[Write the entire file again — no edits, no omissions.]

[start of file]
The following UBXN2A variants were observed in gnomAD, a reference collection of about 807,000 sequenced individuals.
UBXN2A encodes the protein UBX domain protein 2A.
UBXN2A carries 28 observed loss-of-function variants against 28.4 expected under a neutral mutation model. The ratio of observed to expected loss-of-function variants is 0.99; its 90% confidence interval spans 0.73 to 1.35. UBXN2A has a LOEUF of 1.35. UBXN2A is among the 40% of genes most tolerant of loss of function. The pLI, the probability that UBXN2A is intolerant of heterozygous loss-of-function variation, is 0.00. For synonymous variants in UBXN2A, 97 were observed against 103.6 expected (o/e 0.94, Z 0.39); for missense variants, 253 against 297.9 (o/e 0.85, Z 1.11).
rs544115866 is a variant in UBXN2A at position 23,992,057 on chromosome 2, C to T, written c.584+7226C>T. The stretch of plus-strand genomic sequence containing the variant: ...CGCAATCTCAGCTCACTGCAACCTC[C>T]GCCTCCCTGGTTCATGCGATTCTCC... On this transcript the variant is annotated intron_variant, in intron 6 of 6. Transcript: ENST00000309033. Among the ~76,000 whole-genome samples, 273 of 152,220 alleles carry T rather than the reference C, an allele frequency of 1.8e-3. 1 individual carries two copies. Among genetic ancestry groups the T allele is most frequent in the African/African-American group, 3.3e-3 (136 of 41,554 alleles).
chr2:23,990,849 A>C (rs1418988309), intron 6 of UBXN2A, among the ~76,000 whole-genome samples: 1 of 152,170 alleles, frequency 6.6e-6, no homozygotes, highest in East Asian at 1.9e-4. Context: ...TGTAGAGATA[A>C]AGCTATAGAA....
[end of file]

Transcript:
The following UBXN2A variants were observed in gnomAD, a reference collection of about 807,000 sequenced individuals.
UBXN2A encodes the protein UBX domain protein 2A.
UBXN2A carries 28 observed loss-of-function variants against 28.4 expected under a neutral mutation model. The ratio of observed to expected loss-of-function variants is 0.99; its 90% confidence interval spans 0.73 to 1.35. UBXN2A has a LOEUF of 1.35. UBXN2A is among the 40% of genes most tolerant of loss of function. The pLI, the probability that UBXN2A is intolerant of heterozygous loss-of-function variation, is 0.00. For synonymous variants in UBXN2A, 97 were observed against 103.6 expected (o/e 0.94, Z 0.39); for missense variants, 253 against 297.9 (o/e 0.85, Z 1.11).
rs544115866 is a variant in UBXN2A at position 23,992,057 on chromosome 2, C to T, written c.584+7226C>T. The stretch of plus-strand genomic sequence containing the variant: ...CGCAATCTCAGCTCACTGCAACCTC[C>T]GCCTCCCTGGTTCATGCGATTCTCC... On this transcript the variant is annotated intron_variant, in intron 6 of 6. Transcript: ENST00000309033. Among the ~76,000 whole-genome samples, 273 of 152,220 alleles carry T rather than the reference C, an allele frequency of 1.8e-3. 1 individual carries two copies. Among genetic ancestry groups the T allele is most frequent in the African/African-American group, 3.3e-3 (136 of 41,554 alleles).
chr2:23,990,849 A>C (rs1418988309), intron 6 of UBXN2A, among the ~76,000 whole-genome samples: 1 of 152,170 alleles, frequency 6.6e-6, no homozygotes, highest in East Asian at 1.9e-4. Context: ...TGTAGAGATA[A>C]AGCTATAGAA....